Human Rights as a Standard of Behaviour

As described earlier, each society reaches agreement on human rights (4.2.4).  People are entitled to expect each other to comply with these.

Some agreed human rights define aspirations for how people should behave towards each other: the European Convention on Human Rights specifies “equality between spouses” (Protocol No. 7, Article 5), for example.  They might be hard to enforce in a court of law, but they are nonetheless a required standard of behaviour.

The European Convention on Human Rights would be very difficult to change, requiring the agreement of all the signatories to it, so for immigrants to Europe they are in effect non-negotiable.  Other Western countries have comparable conceptions of human rights, such as the American Constitution, and these are also hard to change.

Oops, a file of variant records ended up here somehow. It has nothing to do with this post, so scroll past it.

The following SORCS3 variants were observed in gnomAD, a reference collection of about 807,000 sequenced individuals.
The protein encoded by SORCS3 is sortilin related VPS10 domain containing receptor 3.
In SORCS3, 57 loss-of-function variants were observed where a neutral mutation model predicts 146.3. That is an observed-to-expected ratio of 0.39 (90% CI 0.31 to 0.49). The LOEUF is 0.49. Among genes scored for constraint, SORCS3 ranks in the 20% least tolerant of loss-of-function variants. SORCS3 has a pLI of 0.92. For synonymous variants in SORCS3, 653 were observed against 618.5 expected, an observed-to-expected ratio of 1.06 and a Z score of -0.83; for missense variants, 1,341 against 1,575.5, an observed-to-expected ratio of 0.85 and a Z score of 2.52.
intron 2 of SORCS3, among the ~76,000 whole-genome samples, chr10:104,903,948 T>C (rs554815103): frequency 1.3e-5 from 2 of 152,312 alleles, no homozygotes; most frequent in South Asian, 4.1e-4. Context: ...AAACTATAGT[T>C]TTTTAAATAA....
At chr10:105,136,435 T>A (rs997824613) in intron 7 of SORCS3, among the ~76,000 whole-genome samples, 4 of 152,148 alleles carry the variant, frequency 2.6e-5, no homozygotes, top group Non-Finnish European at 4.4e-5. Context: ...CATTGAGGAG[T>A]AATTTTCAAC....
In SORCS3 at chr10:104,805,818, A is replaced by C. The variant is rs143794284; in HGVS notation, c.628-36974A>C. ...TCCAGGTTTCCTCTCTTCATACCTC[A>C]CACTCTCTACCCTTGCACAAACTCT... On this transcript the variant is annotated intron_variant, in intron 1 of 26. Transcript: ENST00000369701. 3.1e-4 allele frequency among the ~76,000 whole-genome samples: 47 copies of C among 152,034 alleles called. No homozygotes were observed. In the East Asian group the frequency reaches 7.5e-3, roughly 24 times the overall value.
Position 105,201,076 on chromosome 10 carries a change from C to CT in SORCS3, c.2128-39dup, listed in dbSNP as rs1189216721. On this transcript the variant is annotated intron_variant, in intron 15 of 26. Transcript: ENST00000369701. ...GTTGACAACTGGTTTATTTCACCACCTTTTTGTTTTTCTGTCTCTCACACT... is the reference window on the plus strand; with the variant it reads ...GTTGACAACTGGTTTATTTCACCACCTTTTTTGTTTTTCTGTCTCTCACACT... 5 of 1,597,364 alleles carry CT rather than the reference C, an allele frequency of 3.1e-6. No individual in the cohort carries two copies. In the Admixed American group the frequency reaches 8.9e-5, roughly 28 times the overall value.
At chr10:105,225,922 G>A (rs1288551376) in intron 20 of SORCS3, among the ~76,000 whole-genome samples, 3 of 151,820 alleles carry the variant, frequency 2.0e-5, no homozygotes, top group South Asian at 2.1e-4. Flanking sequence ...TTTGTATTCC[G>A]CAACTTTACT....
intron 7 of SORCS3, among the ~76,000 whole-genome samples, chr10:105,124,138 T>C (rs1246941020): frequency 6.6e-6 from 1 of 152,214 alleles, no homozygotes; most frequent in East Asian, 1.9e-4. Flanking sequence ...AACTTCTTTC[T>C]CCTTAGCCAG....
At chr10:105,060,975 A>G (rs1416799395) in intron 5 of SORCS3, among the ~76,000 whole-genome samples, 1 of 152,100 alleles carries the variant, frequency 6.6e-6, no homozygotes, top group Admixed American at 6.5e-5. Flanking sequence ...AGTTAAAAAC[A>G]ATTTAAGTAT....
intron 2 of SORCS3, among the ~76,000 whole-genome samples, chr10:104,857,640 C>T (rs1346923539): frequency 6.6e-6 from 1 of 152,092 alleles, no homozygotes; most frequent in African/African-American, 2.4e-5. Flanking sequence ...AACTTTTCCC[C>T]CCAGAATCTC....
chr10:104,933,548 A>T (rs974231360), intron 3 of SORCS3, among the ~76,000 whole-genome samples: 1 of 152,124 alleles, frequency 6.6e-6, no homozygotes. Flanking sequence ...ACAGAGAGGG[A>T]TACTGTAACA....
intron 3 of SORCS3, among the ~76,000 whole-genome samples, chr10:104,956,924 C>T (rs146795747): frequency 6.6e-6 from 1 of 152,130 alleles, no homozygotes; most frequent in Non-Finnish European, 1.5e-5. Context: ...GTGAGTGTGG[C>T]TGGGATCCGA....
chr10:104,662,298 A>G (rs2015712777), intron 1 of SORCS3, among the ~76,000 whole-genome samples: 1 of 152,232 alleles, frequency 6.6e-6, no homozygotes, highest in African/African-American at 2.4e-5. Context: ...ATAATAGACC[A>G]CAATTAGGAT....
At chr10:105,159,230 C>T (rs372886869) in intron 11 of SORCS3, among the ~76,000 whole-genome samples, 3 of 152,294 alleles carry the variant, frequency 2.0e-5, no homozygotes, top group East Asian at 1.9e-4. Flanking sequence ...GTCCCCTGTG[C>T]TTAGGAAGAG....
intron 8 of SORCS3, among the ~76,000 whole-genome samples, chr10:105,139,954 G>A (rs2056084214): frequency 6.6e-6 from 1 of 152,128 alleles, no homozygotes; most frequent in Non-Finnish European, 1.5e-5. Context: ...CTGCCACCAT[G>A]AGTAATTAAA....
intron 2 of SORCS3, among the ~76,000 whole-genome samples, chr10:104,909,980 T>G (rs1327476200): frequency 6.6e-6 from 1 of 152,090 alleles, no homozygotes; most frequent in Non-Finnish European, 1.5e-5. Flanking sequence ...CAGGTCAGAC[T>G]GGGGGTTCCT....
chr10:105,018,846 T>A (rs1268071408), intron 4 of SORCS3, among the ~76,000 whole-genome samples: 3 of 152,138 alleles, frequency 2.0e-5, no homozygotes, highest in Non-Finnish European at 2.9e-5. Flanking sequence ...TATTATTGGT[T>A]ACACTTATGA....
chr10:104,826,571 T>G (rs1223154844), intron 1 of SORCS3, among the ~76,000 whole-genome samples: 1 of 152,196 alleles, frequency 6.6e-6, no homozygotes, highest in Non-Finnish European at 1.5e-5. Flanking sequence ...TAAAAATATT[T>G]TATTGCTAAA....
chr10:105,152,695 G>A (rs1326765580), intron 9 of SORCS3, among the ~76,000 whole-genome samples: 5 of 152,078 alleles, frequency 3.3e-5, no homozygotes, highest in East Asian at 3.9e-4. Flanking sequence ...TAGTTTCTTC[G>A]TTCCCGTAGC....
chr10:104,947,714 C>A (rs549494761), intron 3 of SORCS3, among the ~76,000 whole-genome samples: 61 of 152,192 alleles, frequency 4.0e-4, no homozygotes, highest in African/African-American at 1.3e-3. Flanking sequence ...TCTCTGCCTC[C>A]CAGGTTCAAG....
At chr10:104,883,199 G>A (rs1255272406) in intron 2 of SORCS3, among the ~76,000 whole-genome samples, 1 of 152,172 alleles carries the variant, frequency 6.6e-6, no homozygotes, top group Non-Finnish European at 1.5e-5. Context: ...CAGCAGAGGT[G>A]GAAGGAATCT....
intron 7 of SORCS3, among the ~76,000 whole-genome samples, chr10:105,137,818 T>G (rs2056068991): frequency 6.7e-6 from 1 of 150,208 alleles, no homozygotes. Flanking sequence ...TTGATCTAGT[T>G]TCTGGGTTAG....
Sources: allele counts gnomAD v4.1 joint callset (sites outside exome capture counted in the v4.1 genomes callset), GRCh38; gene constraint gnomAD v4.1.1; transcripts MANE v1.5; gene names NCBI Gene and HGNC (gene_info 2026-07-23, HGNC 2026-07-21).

Some rights in the Western world might appear to conflict with the right to freedom of religion.  Islamic texts allow women to be treated as inferior, for example, but in the West this is unacceptable – so Western Muslims have to resolve the apparent contradictions.  As described later, this is possible with goodwill (4.4.4) and most of those affected have adapted peacefully.



This page is intended to form part of Edition 4 of the Patterns of Power series of books.  An archived copy of it is held at https://www.patternsofpower.org/edition04/4422.htm